In roughly one in five property seizures, the IRS does not follow the law.

Kaid Benfield argues that high-density sprawl is still sprawl. Here is where I think the problem with his argument lies: The wide open spaces surrounding the dense communities may not stay wide open very long. The pattern back home is: first the houses, then the businesses, then the employers.

Also, since I have been known to talk up businesses moving to the suburbs rather than people moving back to the city, intellectual integrity requires I link to counterexamples. This isn’t the first time I’ve heard this about Chicago. To be honest, I don’t actually like a lot of these suburban business parks. Employers in the suburbs can make a lot of sense, but it shouldn’t take 10 minutes to drive through the campus to your parking spot. Alan Ehrenhalt has a book about reurbanization wherein he talks about Chicago, but apparently lacks much data support for his “great inversion” theory.

This has always been a bigger deal for Web than for me, but since he has sort of moved on, a new study suggests that HFCS is actually no worse than sugar.

China’s cities are awesome, yet awful. While I mention China, here’s more stuff on their ghost cities.

Brazil’s cell infrastructure may be collapsing under its own weight.

A look at where the rich and super-rich get their income. Nothing surprising, though I would like more detail on the “other” category.

Our odd college funding system has some Cal State students refusing to accept in-state students.

London Mayor Boris Johnson wants to know how many paedophiles can there be? More about men, kids, and airplanes.

Category: Newsroom

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9 Responses to Linkluster 5^3

  1. Abel Keogh says:

    From the article “They have dividends. And interest. And rents. That’s what makes up the “other” category — along with business income from S-corporations, partnerships, and the like. “

  2. trumwill says:

    Thanks. I must have zoned out over that part.

  3. Scarlet Knight says:

    I have nothing interesting to add, not that that generally stops me from commenting. So let me provide a link of my own…

    According to Château Heartíste, a guy who gets LJBFed and puts up with it in the hopes of winning her over is like a girl who sleeps with a guy in the hopes of winning him over. This is so brilliant and scary accurate. The LJBF guy and the easy girl are giving the other person what they want without the other person doing anything to earn it or deserve it. Therefore, the recipient is going to keep on taking advantage of the situation.

  4. superdestroyer says:

    A real question for the future is why do corporation needs offices. There are no more filing cabinet since everything is being digitized, there is no need for everyone on a team being in the same place due to electronic communications. There is no need for expensive printers or copiers since offices have gone digital.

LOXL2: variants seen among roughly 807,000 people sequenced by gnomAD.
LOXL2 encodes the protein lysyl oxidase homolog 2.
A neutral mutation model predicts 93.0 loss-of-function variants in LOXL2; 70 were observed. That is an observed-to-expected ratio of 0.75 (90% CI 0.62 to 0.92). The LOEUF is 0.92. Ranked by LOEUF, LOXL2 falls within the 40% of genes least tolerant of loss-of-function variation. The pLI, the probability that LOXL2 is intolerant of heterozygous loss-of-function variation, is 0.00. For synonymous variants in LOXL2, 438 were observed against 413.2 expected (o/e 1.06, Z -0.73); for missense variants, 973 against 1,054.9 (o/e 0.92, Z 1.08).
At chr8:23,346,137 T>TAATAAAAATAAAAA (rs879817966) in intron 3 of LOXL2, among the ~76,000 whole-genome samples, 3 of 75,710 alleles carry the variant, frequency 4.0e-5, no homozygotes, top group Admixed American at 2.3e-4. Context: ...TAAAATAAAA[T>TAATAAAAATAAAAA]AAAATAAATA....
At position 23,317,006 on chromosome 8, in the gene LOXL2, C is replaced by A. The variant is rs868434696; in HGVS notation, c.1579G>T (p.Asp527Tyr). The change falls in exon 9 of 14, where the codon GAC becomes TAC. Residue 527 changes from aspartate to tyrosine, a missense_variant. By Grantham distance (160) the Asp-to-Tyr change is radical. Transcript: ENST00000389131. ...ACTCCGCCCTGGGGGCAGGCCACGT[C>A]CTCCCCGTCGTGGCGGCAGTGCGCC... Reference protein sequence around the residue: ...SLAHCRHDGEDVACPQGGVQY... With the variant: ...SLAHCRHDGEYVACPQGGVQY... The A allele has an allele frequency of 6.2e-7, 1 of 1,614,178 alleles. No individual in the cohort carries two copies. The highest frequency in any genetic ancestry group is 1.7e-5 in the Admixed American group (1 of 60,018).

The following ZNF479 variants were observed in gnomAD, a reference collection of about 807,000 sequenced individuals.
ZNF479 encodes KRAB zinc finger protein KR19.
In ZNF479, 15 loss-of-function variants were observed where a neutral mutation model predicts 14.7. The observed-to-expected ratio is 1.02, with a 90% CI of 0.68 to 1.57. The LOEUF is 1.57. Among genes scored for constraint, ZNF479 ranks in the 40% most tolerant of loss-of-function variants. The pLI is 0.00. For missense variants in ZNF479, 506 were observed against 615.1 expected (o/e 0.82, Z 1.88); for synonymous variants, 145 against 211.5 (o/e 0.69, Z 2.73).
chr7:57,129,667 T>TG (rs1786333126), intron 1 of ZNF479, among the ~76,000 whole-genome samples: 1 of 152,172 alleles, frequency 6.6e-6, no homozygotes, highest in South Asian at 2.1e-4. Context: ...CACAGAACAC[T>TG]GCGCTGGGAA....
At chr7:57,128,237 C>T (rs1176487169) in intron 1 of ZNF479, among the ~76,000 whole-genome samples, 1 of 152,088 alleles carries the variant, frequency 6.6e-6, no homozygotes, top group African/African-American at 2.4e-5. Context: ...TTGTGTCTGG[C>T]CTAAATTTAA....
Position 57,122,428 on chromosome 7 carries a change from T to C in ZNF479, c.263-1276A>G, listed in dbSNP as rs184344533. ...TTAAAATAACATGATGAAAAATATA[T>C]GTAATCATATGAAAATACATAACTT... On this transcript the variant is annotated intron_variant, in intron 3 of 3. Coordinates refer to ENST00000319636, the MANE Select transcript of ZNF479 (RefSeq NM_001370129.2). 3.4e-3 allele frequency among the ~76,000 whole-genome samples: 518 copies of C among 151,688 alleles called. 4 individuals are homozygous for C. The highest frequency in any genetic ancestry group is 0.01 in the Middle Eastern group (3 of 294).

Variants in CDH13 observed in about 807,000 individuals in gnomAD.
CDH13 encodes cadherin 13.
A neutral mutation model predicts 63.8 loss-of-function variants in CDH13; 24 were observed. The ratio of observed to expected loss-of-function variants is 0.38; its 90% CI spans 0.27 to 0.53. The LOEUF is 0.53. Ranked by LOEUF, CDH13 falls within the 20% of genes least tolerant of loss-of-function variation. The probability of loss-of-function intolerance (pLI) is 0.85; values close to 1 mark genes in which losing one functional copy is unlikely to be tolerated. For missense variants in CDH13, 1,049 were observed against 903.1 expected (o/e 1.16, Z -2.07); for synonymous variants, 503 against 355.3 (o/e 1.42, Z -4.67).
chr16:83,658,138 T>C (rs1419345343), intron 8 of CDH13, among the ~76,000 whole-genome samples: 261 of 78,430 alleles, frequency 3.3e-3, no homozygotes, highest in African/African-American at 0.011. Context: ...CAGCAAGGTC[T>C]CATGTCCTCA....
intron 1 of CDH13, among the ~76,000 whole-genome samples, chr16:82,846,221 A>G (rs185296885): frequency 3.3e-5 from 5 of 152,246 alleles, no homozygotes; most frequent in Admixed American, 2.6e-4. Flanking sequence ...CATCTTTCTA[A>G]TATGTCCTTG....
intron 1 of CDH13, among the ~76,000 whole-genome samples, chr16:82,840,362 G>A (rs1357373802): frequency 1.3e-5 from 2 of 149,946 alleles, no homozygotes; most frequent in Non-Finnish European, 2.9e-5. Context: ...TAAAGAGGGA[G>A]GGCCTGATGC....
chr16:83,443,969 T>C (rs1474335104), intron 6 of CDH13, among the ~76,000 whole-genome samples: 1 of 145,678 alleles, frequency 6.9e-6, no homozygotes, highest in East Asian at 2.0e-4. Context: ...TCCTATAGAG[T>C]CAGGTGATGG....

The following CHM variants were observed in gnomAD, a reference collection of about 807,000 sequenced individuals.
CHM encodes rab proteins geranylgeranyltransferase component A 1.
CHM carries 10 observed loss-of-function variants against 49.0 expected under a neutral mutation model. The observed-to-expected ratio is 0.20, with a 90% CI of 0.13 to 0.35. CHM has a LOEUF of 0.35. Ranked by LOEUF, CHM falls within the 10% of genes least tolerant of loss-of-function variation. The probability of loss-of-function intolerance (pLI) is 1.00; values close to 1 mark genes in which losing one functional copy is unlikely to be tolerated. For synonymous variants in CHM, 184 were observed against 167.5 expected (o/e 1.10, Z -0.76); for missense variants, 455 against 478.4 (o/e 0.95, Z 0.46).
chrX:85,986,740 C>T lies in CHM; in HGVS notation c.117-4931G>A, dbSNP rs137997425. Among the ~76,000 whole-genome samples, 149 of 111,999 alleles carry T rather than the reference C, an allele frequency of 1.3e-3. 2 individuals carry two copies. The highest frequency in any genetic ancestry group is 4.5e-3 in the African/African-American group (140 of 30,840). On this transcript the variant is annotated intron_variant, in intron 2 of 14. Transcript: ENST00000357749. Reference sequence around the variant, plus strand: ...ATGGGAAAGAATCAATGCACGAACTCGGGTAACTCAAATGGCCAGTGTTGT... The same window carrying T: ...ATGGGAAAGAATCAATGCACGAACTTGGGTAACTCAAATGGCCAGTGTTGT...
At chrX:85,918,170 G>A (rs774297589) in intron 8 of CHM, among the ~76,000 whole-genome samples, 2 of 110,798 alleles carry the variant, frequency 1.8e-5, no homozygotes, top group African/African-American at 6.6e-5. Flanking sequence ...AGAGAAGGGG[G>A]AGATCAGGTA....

In the future, I see many more companies going virtual where there just a small physical office for top management and everyone else works from home using company issued notebook computers and remote access.

    The needs of managers will change when one has to manage people they never actually meet in person.

  5. trumwill says:


    I think it’s going to take a lot for most employers to trust their employees enough to let them not show up for work. I think it’ll remain a niche.

  6. trumwill says:


    Bah, I’ve been saying that for years. It’s totally true. If the other person is getting what they want, and you’re not getting what you want, you’re not going to get what you want. Sometimes you’re still getting something close enough to what you want for it to be worth it, but at least be aware of the situation.

  7. superdestroyer says:

    Booz-Allen, a fortune 500 company is planning on making their company virtual. Booz-Allen only wants to do consulting work that can be done in the customers office or done from an employee home.

    Offices are just too expensive to have people sit in front of a computer all day.

  8. Scarlet Knight says:

    I’ve been saying that for years

    I’m sure that you have, but I felt that this post said it so well that I wanted to share it.

  9. Ω says:

    Management consulting firms, like Booz-Allen, are s apecial case. Years ago during the early part of my post-college professional studies, I took a class taught by a partner in a natioanl management consulting firm. The class only met once per week because he was always out of town for business, and he couldn’t make it to class a few times because of airport delays. I’m sure he had an office at the regional headquarters in the city where I lived at the time, but he probably spent no more than a couple of days a month working there.

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